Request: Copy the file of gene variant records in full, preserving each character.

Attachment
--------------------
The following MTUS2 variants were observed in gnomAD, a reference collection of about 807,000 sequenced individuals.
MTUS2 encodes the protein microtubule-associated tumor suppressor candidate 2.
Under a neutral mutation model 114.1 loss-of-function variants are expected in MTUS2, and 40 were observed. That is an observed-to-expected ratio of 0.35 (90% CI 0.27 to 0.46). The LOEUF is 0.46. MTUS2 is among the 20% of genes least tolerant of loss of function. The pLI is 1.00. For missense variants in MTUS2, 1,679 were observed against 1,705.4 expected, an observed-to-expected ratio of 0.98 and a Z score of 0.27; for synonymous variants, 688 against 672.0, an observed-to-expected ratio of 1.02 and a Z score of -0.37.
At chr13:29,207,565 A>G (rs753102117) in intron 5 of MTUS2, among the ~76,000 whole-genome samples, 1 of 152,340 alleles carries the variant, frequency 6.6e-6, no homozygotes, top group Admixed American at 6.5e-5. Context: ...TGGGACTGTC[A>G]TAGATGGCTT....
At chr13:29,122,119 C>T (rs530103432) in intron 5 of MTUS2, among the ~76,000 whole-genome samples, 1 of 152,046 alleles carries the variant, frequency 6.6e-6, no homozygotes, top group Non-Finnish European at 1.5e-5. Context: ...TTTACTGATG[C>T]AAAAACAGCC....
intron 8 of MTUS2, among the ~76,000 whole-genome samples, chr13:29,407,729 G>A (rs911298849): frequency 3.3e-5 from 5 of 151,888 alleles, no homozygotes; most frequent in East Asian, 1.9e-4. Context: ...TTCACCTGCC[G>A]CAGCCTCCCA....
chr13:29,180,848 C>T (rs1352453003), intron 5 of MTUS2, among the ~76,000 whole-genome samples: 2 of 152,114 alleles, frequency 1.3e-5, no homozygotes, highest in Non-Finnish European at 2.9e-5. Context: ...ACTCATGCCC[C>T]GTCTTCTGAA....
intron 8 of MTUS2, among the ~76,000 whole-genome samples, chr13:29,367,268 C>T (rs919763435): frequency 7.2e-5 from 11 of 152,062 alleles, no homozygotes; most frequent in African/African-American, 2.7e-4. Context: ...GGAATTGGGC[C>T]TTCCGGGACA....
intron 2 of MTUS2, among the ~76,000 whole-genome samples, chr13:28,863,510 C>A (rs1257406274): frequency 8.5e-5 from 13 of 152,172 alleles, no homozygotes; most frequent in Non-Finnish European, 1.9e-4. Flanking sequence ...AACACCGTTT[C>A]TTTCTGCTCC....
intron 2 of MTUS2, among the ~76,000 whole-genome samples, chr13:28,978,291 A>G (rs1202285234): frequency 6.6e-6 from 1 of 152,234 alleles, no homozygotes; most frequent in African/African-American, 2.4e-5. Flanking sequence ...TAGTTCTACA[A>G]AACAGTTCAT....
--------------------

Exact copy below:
The following MTUS2 variants were observed in gnomAD, a reference collection of about 807,000 sequenced individuals.
MTUS2 encodes the protein microtubule-associated tumor suppressor candidate 2.
Under a neutral mutation model 114.1 loss-of-function variants are expected in MTUS2, and 40 were observed. That is an observed-to-expected ratio of 0.35 (90% CI 0.27 to 0.46). The LOEUF is 0.46. MTUS2 is among the 20% of genes least tolerant of loss of function. The pLI is 1.00. For missense variants in MTUS2, 1,679 were observed against 1,705.4 expected, an observed-to-expected ratio of 0.98 and a Z score of 0.27; for synonymous variants, 688 against 672.0, an observed-to-expected ratio of 1.02 and a Z score of -0.37.
At chr13:29,207,565 A>G (rs753102117) in intron 5 of MTUS2, among the ~76,000 whole-genome samples, 1 of 152,340 alleles carries the variant, frequency 6.6e-6, no homozygotes, top group Admixed American at 6.5e-5. Context: ...TGGGACTGTC[A>G]TAGATGGCTT....
At chr13:29,122,119 C>T (rs530103432) in intron 5 of MTUS2, among the ~76,000 whole-genome samples, 1 of 152,046 alleles carries the variant, frequency 6.6e-6, no homozygotes, top group Non-Finnish European at 1.5e-5. Context: ...TTTACTGATG[C>T]AAAAACAGCC....
intron 8 of MTUS2, among the ~76,000 whole-genome samples, chr13:29,407,729 G>A (rs911298849): frequency 3.3e-5 from 5 of 151,888 alleles, no homozygotes; most frequent in East Asian, 1.9e-4. Context: ...TTCACCTGCC[G>A]CAGCCTCCCA....
chr13:29,180,848 C>T (rs1352453003), intron 5 of MTUS2, among the ~76,000 whole-genome samples: 2 of 152,114 alleles, frequency 1.3e-5, no homozygotes, highest in Non-Finnish European at 2.9e-5. Context: ...ACTCATGCCC[C>T]GTCTTCTGAA....
intron 8 of MTUS2, among the ~76,000 whole-genome samples, chr13:29,367,268 C>T (rs919763435): frequency 7.2e-5 from 11 of 152,062 alleles, no homozygotes; most frequent in African/African-American, 2.7e-4. Context: ...GGAATTGGGC[C>T]TTCCGGGACA....
intron 2 of MTUS2, among the ~76,000 whole-genome samples, chr13:28,863,510 C>A (rs1257406274): frequency 8.5e-5 from 13 of 152,172 alleles, no homozygotes; most frequent in Non-Finnish European, 1.9e-4. Flanking sequence ...AACACCGTTT[C>A]TTTCTGCTCC....
intron 2 of MTUS2, among the ~76,000 whole-genome samples, chr13:28,978,291 A>G (rs1202285234): frequency 6.6e-6 from 1 of 152,234 alleles, no homozygotes; most frequent in African/African-American, 2.4e-5. Flanking sequence ...TAGTTCTACA[A>G]AACAGTTCAT....